Not so fast.
We need to make sure that you have approval over their use of your trademarks, or else you can lose those rights (seeing the pattern here?).
This is taken care of in a trademark licensing agreement, which will also deal with the other terms of the deal, like:
- How long they can use your trademark
- What kind of products they can use it on
- How much they’re going to pay for it
- What happens if you get sued because of something they did
All of this is very important, and needs to be in writing before you start working together!
Keeping up with your ongoing filings
We’re not done yet.
One last thing that a trademark attorney can help with is to keep tabs on the various filings required to keep up your registrations.
The paperwork never ends.
A good attorney will have a trademark docketing system that reminds them when filings are coming up, but it’s also vital that you keep your own calendar for your marks. You don’t want to miss a renewal deadline and risk losing your trademark rights!
In the US, these deadlines are generally after 5 years, 10 years, and every 10 years afterwards.
Ask your trademark lawyer for more info once you’ve registered.
Great, now how much does a trademark attorney cost?
We’re finally here.
I’ll start by saying that I realize attorneys are not cheap.
But there’s a lot of experience, schooling, and wisdom that goes into that hourly rate.
That being said, a lot of trademark attorneys work on a flat fee basis, which helps you gauge how much you’ll have to spend before you commit.
I know that’s how I prefer to work.
So, for things like the following, I generally quote clients a flat rate before starting:
- Trademark clearance and registration
- Drafting contracts like licensing agreements and coexistence agreements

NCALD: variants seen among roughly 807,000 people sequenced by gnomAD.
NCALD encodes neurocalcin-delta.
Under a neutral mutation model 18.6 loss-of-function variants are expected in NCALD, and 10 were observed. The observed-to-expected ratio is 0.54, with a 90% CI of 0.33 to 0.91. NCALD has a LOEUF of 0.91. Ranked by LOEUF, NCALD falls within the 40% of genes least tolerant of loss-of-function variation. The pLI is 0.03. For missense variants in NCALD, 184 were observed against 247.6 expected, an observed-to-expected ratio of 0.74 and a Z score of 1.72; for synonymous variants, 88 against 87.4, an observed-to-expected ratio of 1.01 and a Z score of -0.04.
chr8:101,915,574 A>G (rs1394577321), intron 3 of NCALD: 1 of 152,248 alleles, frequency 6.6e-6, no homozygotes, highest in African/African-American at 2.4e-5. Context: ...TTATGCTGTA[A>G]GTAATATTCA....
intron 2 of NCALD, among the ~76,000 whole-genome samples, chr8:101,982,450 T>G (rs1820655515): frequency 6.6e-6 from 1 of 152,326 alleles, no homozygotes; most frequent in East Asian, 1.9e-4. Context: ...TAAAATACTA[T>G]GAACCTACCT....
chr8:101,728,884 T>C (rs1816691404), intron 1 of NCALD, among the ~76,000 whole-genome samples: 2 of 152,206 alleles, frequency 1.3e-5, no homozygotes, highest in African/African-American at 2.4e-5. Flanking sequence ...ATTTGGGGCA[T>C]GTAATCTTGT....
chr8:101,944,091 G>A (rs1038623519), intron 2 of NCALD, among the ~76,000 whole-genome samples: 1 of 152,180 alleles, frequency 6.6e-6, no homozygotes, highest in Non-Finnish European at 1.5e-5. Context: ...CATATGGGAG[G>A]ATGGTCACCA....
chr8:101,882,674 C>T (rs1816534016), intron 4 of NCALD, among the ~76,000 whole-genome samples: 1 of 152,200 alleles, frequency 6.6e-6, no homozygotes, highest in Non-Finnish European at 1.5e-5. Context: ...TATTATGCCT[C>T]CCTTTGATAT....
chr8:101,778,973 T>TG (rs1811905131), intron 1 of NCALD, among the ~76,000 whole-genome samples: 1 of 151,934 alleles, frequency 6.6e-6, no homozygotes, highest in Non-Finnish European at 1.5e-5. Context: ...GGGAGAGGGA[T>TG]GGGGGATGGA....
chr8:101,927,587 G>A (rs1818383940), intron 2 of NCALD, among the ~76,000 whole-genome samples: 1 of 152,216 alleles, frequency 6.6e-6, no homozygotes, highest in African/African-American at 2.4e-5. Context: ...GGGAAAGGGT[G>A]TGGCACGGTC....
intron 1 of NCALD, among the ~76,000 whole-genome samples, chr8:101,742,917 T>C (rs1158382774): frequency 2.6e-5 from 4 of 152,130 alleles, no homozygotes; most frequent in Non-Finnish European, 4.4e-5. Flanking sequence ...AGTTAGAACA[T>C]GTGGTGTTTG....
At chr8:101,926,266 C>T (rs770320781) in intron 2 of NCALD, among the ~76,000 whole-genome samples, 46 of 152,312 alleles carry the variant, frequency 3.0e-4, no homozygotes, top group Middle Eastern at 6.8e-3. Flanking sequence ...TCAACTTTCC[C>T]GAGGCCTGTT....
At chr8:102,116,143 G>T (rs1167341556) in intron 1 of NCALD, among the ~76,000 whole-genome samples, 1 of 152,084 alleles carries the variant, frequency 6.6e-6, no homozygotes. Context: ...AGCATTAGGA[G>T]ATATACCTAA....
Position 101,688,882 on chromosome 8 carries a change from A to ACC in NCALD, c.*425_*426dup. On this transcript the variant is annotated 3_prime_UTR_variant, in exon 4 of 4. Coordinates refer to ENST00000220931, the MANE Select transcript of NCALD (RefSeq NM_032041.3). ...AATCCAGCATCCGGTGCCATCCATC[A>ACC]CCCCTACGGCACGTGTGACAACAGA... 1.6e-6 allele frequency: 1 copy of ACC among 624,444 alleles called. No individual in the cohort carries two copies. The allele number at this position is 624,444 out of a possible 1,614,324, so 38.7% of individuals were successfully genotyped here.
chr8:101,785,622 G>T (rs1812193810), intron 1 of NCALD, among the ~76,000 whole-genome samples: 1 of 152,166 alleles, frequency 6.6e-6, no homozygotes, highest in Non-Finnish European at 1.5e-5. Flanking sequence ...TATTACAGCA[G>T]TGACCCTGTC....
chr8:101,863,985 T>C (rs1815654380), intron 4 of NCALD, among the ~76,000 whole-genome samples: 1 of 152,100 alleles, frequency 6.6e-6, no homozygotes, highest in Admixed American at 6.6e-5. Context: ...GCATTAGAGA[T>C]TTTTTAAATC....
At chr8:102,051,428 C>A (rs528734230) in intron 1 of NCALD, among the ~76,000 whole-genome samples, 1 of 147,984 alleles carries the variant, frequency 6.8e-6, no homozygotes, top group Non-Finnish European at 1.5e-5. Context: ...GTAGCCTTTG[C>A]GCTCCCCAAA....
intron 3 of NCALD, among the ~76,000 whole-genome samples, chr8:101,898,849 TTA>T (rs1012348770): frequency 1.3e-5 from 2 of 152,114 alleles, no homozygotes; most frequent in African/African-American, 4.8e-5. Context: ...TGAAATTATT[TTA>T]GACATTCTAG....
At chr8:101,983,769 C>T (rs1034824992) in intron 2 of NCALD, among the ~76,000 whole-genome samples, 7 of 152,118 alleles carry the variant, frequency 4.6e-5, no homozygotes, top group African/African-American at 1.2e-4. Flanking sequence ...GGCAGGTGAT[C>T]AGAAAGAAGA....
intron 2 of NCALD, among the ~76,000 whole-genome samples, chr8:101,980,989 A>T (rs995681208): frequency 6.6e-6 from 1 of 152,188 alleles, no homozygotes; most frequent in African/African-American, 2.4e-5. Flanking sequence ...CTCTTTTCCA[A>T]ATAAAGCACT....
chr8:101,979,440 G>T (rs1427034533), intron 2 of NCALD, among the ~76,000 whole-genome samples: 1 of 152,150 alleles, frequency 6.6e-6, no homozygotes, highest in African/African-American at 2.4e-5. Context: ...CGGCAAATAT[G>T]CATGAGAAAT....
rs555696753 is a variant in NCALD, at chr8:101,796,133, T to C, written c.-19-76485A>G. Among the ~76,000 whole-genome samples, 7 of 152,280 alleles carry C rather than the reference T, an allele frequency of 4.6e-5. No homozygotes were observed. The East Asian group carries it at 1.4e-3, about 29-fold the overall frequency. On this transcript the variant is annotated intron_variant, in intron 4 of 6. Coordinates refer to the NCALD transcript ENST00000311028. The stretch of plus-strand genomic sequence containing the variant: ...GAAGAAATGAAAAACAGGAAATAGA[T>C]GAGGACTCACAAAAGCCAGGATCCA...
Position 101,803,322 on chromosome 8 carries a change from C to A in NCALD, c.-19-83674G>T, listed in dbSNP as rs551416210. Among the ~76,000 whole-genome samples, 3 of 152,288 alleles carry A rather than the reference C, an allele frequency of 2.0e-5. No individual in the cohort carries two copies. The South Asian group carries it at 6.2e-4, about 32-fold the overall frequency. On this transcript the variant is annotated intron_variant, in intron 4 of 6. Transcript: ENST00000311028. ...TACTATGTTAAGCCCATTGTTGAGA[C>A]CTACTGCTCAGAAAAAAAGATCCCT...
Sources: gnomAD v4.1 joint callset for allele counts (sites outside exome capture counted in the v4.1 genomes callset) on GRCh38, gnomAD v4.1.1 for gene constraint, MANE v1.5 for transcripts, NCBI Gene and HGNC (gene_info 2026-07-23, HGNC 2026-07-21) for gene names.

- Filing trademark takedowns and sending cease and desist letters
How much will it cost, though?
The price of a trademark attorney can vary depending on their experience and the size of the law firm. Then again, a very small firm that focuses on a very niche type of law can charge a high hourly rate.
You’re paying for that specific experience.
For instance, I almost exclusively work with video game and board game developers and publishers. Because of this, clients specifically seek me out because I know all about their industry and what they need.
While the attorney around the corner may be able to draft your will, I wouldn’t necessarily trust them with drafting a video game publishing agreement.
Average trademark-related legal fees
For the common trademark-related services I discussed above, you’re probably going to pay the following:
- Trademark clearance and application filing – $800-$2000, plus fees
- Sending a cease and desist letter – Usually 1-2 hours of time, so anywhere from $300-$1000
- Responding to a refusal of your trademark application – Usually 3-4 hours of attorney time
- Filing trademark-related takedowns – Should only take 15 minutes or so, billed hourly
- Filing international registrations – Cost can vary wildly depending on the countries to register, but usually in the thousands of dollars
- Trademark-related contract drafting – $500-$2000 or more
However, these costs can vary wildly depending on the specific attorney or law firm. Most will be happy to do a free consultation to discuss, or just tell you the cost outright.
Also, the specific costs may vary, obviously, depending on the complexities of the particular job.
If you’re interested in hiring me for trademark consultation, registration, or any other legal service, click over to my contact page and make a consultation appointment or send an email.